Google Plans to Break This Tiny Tech Company
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Google (NASDAQ: GOOG) and Vringo (NASDAQ: VRNG) are still at trial over whether Google has infringed upon one of Vringo’s patents. The premise of the Google lawsuit includes a patent that was filed by one of the earliest and biggest search engines, Lycos. It also appears that insiders were a bit wary about whether Vringo could pull off the upset, as a number of insiders dumped shares above the $4 per share mark before the end of October.
Vringo has seen its shares pushed down by more than 25% over the past week after eclipsing $4.50 per share on the hopes that the company could pull off the patent lawsuit win against Google, and score some big money in the process. Earlier this week, the company's shares took a hit on the news that the judge was going to only award damages, should Vringo win, that go back only to the filing date of the lawsuit.
Google has refused to settle, and showed no interest in buying the company. Possible estimates before the back date announcement were upwards of $700 million; however, now the award could be sub-$100 million, if any. Either amount is a small portion of Google’s $40+ billion of cash and short-term investments.
Vringo inherited the lawsuit after its acquisition of Innovate/Protect. The Innovate/Protect lawsuit included patent infringement claims against Google, AOL (NYSE: AOL) and other mega-tech companies. AOL decided to partly settle its lawsuit by paying Vringo $100,000. Despite having fallen far from grace from its dominant position atop the Internet search game, the company has reformed itself into more of a media company with the 2011 acquisition of the Huffington Post. The company is now an interesting investment opportunity, trading at only 3x earnings. As well, the company is expected to grow five-year EPS at 25% annually. AOL also has big backers as investors, including Bain Capital, Jana Partners and David Shaw.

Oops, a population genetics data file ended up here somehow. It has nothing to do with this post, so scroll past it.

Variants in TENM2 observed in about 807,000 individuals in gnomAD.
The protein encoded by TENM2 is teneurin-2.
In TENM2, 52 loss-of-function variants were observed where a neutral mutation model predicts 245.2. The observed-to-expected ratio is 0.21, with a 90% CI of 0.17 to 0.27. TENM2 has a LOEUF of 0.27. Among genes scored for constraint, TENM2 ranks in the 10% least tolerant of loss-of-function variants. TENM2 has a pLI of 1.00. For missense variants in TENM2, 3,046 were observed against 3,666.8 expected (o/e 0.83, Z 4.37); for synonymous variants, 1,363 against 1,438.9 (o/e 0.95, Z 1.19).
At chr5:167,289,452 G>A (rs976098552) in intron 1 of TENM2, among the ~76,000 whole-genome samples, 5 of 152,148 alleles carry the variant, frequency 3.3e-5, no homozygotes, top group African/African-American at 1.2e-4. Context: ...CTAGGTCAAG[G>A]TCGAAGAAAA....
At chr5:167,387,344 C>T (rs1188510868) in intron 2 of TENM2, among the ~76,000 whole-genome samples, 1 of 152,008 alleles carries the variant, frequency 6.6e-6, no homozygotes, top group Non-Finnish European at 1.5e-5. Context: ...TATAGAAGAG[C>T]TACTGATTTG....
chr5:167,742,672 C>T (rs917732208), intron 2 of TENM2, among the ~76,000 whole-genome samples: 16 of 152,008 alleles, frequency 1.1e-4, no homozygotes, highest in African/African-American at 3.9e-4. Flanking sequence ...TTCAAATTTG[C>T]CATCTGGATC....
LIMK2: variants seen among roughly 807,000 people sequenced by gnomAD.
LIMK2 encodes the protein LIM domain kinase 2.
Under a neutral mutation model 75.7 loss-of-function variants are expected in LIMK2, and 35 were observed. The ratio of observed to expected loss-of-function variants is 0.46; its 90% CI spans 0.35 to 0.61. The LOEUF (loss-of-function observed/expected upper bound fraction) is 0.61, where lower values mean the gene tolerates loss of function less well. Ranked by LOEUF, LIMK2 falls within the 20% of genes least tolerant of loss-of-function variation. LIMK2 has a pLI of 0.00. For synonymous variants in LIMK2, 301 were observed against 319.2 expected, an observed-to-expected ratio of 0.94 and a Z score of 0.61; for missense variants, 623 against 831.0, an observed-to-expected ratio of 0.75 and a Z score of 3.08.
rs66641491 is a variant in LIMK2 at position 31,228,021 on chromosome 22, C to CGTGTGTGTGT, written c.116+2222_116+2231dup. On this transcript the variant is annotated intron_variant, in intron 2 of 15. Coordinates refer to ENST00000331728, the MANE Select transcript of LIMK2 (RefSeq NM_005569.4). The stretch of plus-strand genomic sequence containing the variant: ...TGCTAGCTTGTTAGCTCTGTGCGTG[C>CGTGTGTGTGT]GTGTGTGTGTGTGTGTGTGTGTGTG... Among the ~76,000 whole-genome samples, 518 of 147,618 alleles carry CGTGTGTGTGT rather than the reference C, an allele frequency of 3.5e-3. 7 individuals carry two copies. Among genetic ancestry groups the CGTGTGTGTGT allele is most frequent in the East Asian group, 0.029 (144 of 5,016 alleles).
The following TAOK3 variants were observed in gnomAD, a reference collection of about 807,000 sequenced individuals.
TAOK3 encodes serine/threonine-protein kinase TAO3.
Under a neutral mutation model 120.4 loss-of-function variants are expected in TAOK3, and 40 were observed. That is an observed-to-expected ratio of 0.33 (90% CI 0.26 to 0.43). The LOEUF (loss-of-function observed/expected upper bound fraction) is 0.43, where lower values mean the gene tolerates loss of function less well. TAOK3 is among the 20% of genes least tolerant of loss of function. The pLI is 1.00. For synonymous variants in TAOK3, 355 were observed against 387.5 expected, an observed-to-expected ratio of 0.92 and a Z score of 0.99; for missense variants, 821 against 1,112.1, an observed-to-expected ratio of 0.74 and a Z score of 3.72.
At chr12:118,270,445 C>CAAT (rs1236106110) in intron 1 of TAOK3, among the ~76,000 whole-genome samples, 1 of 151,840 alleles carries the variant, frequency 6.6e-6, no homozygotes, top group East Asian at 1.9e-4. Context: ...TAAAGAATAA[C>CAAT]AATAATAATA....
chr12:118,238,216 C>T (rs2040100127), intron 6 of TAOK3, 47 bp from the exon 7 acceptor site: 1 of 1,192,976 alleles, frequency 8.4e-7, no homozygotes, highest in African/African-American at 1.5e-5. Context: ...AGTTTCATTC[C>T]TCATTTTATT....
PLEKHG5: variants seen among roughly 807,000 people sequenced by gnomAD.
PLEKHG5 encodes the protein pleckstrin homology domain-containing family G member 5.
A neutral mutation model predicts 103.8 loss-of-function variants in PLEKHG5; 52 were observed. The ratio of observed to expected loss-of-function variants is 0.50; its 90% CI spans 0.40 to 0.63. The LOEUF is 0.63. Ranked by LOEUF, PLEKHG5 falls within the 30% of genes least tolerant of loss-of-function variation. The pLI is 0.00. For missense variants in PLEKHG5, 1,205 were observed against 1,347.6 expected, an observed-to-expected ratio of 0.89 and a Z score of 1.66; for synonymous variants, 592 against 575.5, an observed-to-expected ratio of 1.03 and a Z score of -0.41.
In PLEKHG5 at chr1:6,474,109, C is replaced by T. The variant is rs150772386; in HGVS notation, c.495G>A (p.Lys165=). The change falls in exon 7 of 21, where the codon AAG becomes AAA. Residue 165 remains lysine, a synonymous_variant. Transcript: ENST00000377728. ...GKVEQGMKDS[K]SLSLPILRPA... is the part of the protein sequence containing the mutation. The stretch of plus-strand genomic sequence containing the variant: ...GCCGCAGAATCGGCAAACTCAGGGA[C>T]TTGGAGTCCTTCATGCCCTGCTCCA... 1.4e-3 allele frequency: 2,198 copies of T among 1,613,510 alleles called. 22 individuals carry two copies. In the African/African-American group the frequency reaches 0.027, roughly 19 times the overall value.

Regarding Google, the speculated amount that Vringo is looking for has been said to be around $700 million, where the company’s current market cap is a mere $160 million. The worry for Vringo investors is that if Vringo comes up short on the Google lawsuit they will have a tough time raising money to pursue other patent lawsuits, especially given the company has no sustainable earnings. Vringo has only $3.3 million left in cash, versus total liabilities of $5 million, and the company has burned around $4.8 million per year measured by cash flow from operations over the last four years.
Vringo recently bought 500 wireless patents from Nokia (NYSE: NOK) in August for $22 million. Vringo has recently filed a lawsuit against the U.K.’s ZTE using the patents acquired from Nokia. Although the patent sale by Nokia means cash for the tech company, there are still a number of concerns; this includes not being the laughing stock of the smartphone industry. In the hedge fund industry, Jim Simons dumped 50% of his 1Q stake during 2Q.
In short, Nokia has too many concerns over its core handset business for us to get excited about its Lumina line, as the company is expected to see earnings down 200% year over year by the end of 2012.
There are thirty funds with at least 5% of their 2Q 13F invested in Google. As well, the top two funds by shares owned, Lone Pine Capital and Lansdowne Partners, had almost 5% and 10%, respectively of their 13Fs invested in the company.
Following Google’s botched earnings release, Oppenheimer downgraded the company. Google posted last quarter earnings of $9.03, compared to consensus of $10.67. The company has promising growth but there have been concerns over the site’s revenue and its Motorola acquisition. Motorola recorded an operating loss of $527 million, and Google took a $349 million charge associated with the business.
Although we would not invest in Vringo given its bleak outlook and overly speculative nature, we might hesitate to pull the trigger on Google. The Vringo lawsuit is likely weighing very little on the shares, but we still believe that Google may be peaking; check out our three reasons why.
This article is written by Marshall Hargrave and edited by Jake Mann. They don't own shares in any of the stocks mentioned in this article. The Motley Fool owns shares of Google. Motley Fool newsletter services recommend Google. Try any of our Foolish newsletter services free for 30 days. We Fools may not all hold the same opinions, but we all believe that considering a diverse range of insights makes us better investors. The Motley Fool has a disclosure policy.If you have questions about this post or the Fool’s blog network, click here for information.